Al-Quds ‘has a very high place among all Arabs’

Palestinian men watching an address given by US President Donald Trump at a cafe in Jerusalem. US President Donald Trump recognized the disputed city of Jerusalem as Israel's capital on December 6, 2017, a historic decision that overturns decades of US policy and risks triggering a fresh spasm of violence in the Middle East. (AFP)
Updated 08 December 2017
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Al-Quds ‘has a very high place among all Arabs’

RIYADH: US President Donald Trump’s decision to formally recognize Jerusalem as the capital of Israel and to relocate the US Embassy from Tel Aviv to Jerusalem met with a wave of disapproval on Thursday with Saudis across the society condemning the move.
The president made the announcement on Wednesday, reversing US policy of several decades as well as going against the UN consensus of remaining neutral on Jerusalem’s status.
Condemning the unilateral move, Mohammed Alkhunaizi, a senior member of the Shoura Council, told Arab News on Thursday: “We condemn such an illegal decision, this is not acceptable.”
“We in the Kingdom will not accept this, Al-Quds (Jerusalem) is one of the holiest places in Islam and has a very high place among all Arabs,” he said.
Majed Abdullah Al-Hedayan, a Saudi analyst and senior legal consultant, told Arab News: “Throughout its history, Jerusalem has been revered by the followers of three religions — Jews, Christians and Muslims — it houses the Church of the Holy Sepulcher in the Christian Quarter of the Old City, the Al-Aqsa Mosque and the Western Wall considered holy by the Jews, how can it be declared capital of Israel in this way, which is generating a storm of outrage with leaders from both the Muslim world as well as from the wider international community criticizing the move.”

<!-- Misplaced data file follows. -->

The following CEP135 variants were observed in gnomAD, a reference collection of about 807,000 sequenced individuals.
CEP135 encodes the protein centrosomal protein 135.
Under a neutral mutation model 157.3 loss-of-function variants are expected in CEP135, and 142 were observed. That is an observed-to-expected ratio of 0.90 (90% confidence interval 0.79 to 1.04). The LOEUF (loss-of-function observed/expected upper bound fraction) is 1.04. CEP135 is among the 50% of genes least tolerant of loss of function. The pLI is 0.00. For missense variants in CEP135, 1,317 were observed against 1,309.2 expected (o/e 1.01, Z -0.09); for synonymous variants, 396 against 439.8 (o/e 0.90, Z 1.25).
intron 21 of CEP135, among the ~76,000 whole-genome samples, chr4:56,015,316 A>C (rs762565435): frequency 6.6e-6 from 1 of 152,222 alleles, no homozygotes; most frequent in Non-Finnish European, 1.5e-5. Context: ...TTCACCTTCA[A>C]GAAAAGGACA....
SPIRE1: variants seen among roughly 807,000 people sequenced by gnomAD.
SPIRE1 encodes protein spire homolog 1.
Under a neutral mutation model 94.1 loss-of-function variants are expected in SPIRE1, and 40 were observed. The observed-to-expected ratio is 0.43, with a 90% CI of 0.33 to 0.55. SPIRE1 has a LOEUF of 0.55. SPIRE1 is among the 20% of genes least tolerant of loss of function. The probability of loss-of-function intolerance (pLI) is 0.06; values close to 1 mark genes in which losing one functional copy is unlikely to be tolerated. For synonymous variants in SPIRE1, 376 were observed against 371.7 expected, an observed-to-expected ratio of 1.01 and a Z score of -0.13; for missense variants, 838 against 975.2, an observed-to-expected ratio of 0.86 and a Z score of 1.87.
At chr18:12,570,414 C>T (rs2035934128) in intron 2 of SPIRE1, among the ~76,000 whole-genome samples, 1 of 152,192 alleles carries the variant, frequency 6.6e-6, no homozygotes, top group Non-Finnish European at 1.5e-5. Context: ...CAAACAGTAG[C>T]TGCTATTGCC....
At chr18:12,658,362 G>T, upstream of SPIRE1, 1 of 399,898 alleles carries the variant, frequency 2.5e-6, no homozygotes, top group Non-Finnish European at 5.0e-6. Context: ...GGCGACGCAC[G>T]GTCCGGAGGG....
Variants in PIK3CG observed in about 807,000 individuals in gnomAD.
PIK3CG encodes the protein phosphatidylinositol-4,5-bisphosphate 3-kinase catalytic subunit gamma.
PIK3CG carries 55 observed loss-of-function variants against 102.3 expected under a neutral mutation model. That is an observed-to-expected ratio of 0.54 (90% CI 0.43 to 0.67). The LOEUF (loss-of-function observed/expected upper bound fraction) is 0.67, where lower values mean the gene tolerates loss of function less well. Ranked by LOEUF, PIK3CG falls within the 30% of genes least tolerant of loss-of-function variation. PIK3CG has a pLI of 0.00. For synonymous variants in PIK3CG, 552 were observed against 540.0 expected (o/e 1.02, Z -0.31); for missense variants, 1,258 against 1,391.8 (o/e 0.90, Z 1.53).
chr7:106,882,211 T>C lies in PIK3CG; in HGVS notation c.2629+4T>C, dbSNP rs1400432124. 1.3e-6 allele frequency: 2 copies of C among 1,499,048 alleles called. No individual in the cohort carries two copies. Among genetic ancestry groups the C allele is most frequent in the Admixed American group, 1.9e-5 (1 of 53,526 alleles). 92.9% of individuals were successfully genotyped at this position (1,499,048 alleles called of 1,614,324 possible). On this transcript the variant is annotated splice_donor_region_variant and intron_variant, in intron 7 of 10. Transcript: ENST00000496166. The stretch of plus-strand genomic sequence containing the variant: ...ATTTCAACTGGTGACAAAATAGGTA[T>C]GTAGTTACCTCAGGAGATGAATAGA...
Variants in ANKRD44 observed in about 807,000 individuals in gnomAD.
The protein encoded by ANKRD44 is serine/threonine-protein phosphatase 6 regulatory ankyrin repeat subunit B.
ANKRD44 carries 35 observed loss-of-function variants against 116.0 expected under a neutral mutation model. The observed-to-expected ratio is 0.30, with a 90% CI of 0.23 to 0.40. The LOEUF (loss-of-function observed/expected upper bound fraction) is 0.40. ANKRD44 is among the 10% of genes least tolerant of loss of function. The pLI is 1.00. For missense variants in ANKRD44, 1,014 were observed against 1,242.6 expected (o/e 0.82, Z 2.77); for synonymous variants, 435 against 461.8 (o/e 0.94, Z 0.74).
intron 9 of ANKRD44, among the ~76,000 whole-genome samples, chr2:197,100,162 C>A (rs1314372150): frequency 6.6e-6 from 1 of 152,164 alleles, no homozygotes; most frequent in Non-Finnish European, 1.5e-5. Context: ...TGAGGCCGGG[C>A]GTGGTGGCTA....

He said: “Characterized by many economic activities such as tourism (especially religious), industry, trade and agriculture, Israel occupied East Jerusalem in the 1967 war, but the international community did not recognize it as part of Israel.”
Al-Hedayan said: “This is a severe provocation to Muslims all over the world. This move could lead to bloodshed and increase instability in the Middle East.”
Meanwhile, Prince Sultan bin Salman, president of the Saudi Commission for Tourism and National Heritage (SCTH), reaffirmed the Kingdom’s permanent support for the State of Palestine with Al-Quds (Jerusalem) as its capital, asserting the high place for Al-Quds for Arabs throughout the ages.
His remarks came during his chairmanship of the Saudi delegation to the 20th session of the Arab Ministerial Council for Tourism, which started on Wednesday at the headquarters of the General Secretariat of the Arab League, SPA reported.
Abdullah Inayat, media relations director at W7 communications, described the move as unwarranted.
He added that such move will only derail the peace process.
 


EU-Arab summit set for February 24-25 in Egypt

Updated 19 October 2018
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EU-Arab summit set for February 24-25 in Egypt